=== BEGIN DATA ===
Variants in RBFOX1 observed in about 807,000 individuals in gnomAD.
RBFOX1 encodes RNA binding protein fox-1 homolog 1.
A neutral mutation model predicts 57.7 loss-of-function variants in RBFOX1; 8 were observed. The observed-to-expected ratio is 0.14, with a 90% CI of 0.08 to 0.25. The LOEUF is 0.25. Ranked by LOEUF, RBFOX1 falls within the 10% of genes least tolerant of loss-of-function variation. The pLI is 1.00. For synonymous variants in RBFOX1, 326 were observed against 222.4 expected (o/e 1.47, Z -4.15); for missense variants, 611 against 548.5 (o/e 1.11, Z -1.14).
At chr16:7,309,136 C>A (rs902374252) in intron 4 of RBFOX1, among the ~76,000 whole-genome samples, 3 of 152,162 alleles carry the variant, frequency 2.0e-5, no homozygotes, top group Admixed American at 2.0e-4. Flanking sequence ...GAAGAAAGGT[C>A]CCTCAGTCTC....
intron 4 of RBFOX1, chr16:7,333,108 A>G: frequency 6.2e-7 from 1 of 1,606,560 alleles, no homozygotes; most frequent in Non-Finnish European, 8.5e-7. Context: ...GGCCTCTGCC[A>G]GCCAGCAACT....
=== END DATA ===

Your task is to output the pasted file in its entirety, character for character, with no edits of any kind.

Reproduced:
Variants in RBFOX1 observed in about 807,000 individuals in gnomAD.
RBFOX1 encodes RNA binding protein fox-1 homolog 1.
A neutral mutation model predicts 57.7 loss-of-function variants in RBFOX1; 8 were observed. The observed-to-expected ratio is 0.14, with a 90% CI of 0.08 to 0.25. The LOEUF is 0.25. Ranked by LOEUF, RBFOX1 falls within the 10% of genes least tolerant of loss-of-function variation. The pLI is 1.00. For synonymous variants in RBFOX1, 326 were observed against 222.4 expected (o/e 1.47, Z -4.15); for missense variants, 611 against 548.5 (o/e 1.11, Z -1.14).
At chr16:7,309,136 C>A (rs902374252) in intron 4 of RBFOX1, among the ~76,000 whole-genome samples, 3 of 152,162 alleles carry the variant, frequency 2.0e-5, no homozygotes, top group Admixed American at 2.0e-4. Flanking sequence ...GAAGAAAGGT[C>A]CCTCAGTCTC....
intron 4 of RBFOX1, chr16:7,333,108 A>G: frequency 6.2e-7 from 1 of 1,606,560 alleles, no homozygotes; most frequent in Non-Finnish European, 8.5e-7. Context: ...GGCCTCTGCC[A>G]GCCAGCAACT....